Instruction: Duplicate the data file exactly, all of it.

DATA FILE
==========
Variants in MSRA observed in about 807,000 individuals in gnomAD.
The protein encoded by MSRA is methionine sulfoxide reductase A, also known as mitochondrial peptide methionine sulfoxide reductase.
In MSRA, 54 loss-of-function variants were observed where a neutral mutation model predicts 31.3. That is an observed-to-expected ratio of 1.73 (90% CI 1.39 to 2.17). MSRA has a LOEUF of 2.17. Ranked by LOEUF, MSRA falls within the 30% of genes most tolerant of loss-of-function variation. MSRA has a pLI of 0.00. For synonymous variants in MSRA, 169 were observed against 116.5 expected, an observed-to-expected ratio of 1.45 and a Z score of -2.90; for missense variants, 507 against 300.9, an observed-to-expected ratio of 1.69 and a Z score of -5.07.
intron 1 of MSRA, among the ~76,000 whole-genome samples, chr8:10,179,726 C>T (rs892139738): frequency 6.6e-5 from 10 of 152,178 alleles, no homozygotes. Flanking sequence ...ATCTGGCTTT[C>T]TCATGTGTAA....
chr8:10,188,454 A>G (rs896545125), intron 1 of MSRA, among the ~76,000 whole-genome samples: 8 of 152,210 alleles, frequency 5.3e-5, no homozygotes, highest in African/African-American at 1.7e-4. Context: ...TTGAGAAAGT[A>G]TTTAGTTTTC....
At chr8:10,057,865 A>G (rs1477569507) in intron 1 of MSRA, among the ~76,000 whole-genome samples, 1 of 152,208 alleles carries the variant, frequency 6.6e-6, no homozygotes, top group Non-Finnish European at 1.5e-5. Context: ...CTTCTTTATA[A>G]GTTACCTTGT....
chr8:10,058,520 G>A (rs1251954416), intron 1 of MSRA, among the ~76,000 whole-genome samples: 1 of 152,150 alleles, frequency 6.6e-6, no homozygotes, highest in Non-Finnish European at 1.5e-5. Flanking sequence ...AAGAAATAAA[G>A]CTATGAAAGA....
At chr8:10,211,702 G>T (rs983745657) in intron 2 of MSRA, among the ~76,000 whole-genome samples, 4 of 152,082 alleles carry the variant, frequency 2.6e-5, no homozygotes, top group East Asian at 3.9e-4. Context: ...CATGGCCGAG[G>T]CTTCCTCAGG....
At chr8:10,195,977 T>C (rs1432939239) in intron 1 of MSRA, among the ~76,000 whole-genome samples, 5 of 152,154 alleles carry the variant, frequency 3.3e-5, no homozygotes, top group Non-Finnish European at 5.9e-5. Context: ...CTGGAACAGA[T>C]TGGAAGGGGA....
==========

Variants in MSRA observed in about 807,000 individuals in gnomAD.
The protein encoded by MSRA is methionine sulfoxide reductase A, also known as mitochondrial peptide methionine sulfoxide reductase.
In MSRA, 54 loss-of-function variants were observed where a neutral mutation model predicts 31.3. That is an observed-to-expected ratio of 1.73 (90% CI 1.39 to 2.17). MSRA has a LOEUF of 2.17. Ranked by LOEUF, MSRA falls within the 30% of genes most tolerant of loss-of-function variation. MSRA has a pLI of 0.00. For synonymous variants in MSRA, 169 were observed against 116.5 expected, an observed-to-expected ratio of 1.45 and a Z score of -2.90; for missense variants, 507 against 300.9, an observed-to-expected ratio of 1.69 and a Z score of -5.07.
intron 1 of MSRA, among the ~76,000 whole-genome samples, chr8:10,179,726 C>T (rs892139738): frequency 6.6e-5 from 10 of 152,178 alleles, no homozygotes. Flanking sequence ...ATCTGGCTTT[C>T]TCATGTGTAA....
chr8:10,188,454 A>G (rs896545125), intron 1 of MSRA, among the ~76,000 whole-genome samples: 8 of 152,210 alleles, frequency 5.3e-5, no homozygotes, highest in African/African-American at 1.7e-4. Context: ...TTGAGAAAGT[A>G]TTTAGTTTTC....
At chr8:10,057,865 A>G (rs1477569507) in intron 1 of MSRA, among the ~76,000 whole-genome samples, 1 of 152,208 alleles carries the variant, frequency 6.6e-6, no homozygotes, top group Non-Finnish European at 1.5e-5. Context: ...CTTCTTTATA[A>G]GTTACCTTGT....
chr8:10,058,520 G>A (rs1251954416), intron 1 of MSRA, among the ~76,000 whole-genome samples: 1 of 152,150 alleles, frequency 6.6e-6, no homozygotes, highest in Non-Finnish European at 1.5e-5. Flanking sequence ...AAGAAATAAA[G>A]CTATGAAAGA....
At chr8:10,211,702 G>T (rs983745657) in intron 2 of MSRA, among the ~76,000 whole-genome samples, 4 of 152,082 alleles carry the variant, frequency 2.6e-5, no homozygotes, top group East Asian at 3.9e-4. Context: ...CATGGCCGAG[G>T]CTTCCTCAGG....
At chr8:10,195,977 T>C (rs1432939239) in intron 1 of MSRA, among the ~76,000 whole-genome samples, 5 of 152,154 alleles carry the variant, frequency 3.3e-5, no homozygotes, top group Non-Finnish European at 5.9e-5. Context: ...CTGGAACAGA[T>C]TGGAAGGGGA....